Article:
Monday, July 28, 2008
One of the finest non-fiction books written by C.S. Lewis is An Experiment in Criticism, published in 1961 (two years before his death).
Unfortunately, this work is often overlooked by those interested in Lewis in favor of more mainstream works such as Mere Christianity, the Chronicles of Narnia, and The Screwtape Letters. While those are all fine works in their own right, An Experiment in Criticism offers Lewis's mature insights on literature and how readers relate to it.
But Lewis's ideas on this subject extend beyond his application to literature. Lewis, in fact, applies his insights to music and art. Likewise, we may apply his wisdom in relation to literature to contemporary popular culture. As such, the ideas in An Experiment in Criticism are applicable to contemporary literature, film, television, etc.
Lewis begins by distinguishing the majority from the minority when it comes to literature. The majority, for instance, don't read anything more than once. Once they have "used" literature, they move on. This, in essence, is consumerism applied to literature. But Lewis says the minority can enjoy a work of great literature many times. Indeed, it is this returning to a great work of literature that, over the course of a lifetime, is a joy, as well as an education.
For Lewis, it's important to learn from the great conversation of history, represented in literature. When we read "old books" in some way we participate in this conversation, becoming familiar with the themes and nuances of ideas, points and counterpoints, throughout the ages.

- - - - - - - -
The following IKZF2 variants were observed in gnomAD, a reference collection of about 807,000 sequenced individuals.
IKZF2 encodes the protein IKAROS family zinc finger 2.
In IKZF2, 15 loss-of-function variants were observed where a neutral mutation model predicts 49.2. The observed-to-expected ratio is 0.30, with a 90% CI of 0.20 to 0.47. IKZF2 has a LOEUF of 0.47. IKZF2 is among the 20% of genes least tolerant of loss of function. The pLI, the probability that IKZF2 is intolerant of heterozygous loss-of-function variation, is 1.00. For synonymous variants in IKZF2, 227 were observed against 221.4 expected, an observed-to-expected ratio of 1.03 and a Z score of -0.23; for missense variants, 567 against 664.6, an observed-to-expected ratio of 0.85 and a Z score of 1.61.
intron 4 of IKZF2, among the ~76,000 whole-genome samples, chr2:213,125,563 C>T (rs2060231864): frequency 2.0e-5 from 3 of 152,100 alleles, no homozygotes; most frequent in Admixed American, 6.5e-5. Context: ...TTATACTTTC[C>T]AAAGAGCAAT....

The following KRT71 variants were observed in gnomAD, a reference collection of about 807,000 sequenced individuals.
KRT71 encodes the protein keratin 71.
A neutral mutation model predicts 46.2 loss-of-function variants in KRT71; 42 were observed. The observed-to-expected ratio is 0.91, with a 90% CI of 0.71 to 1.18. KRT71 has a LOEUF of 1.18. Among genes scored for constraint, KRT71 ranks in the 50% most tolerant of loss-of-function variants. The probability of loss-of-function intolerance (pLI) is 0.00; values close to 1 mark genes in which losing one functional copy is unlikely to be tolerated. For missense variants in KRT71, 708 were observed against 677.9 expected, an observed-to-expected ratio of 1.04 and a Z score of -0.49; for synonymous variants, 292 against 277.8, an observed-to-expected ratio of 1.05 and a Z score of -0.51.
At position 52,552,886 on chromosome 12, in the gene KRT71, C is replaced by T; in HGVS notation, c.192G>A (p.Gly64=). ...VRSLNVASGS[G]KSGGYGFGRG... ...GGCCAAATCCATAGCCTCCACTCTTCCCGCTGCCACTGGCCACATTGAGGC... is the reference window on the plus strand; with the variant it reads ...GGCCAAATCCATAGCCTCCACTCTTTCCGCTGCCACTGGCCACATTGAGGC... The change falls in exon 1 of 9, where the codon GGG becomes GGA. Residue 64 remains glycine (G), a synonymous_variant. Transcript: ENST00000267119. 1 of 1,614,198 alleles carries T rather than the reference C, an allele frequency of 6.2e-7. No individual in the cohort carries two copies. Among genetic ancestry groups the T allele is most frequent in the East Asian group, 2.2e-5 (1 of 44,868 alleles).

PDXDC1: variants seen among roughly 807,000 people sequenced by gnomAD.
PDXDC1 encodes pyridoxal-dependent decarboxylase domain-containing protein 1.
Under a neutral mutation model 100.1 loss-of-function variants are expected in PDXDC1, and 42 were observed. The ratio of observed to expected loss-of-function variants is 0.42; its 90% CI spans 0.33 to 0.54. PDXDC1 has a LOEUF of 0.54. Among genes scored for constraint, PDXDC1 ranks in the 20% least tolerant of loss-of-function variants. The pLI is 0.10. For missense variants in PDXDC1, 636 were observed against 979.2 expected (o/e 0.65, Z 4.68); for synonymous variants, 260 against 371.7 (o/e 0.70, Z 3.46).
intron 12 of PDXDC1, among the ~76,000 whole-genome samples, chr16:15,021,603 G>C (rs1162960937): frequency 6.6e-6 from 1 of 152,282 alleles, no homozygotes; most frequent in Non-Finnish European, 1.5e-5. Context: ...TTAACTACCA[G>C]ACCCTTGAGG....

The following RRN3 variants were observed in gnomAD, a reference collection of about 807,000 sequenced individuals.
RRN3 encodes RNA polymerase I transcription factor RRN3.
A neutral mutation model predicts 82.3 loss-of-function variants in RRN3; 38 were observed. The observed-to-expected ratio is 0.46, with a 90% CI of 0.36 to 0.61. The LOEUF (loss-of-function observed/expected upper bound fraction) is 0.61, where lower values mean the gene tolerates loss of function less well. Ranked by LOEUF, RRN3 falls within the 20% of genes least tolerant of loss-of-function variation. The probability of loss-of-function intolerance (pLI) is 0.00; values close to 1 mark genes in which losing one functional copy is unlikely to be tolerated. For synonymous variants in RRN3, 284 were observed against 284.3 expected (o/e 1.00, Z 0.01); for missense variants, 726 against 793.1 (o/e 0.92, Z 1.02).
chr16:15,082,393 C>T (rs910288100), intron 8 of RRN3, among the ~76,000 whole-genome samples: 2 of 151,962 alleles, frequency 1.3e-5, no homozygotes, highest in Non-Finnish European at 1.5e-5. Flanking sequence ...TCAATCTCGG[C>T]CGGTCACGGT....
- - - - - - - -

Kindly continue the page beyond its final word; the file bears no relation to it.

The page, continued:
Through reading literature, moreover, we can see through the eyes of others and by doing this, we expand our horizons and our understanding. As Lewis put it, "We want to be more than ourselves ... We want to see with other eyes, to imagine with other imaginations, to feel with other hearts, as well as with our own ... We demand windows ... in reading great literature I become a thousand men and yet remain myself."
But the concept of literature or ideas as products to be consumed, combined with extensive ignorance of history and ideas, dampens our intellectual sensibilities. We prefer a clever 30-second advertisement to a prolonged but rewarding discourse on an important subject. We don't want to think too much because popular culture does not want us to think too much. Not thinking deeply is easy. But in thinking deeply we discover great truths about ourselves and our world.
An Experiment in Criticism is a relatively short work (about 140 pages). But do not read it quickly, but in doses. Take twelve days, reading one chapter per day and the epilogue and appendix on the final day. Think about the ideas, apply them, and try to understand how they relate to contemporary culture. If you do so with an open mind, seeking understanding, I can assure you the experience will be a rewarding one.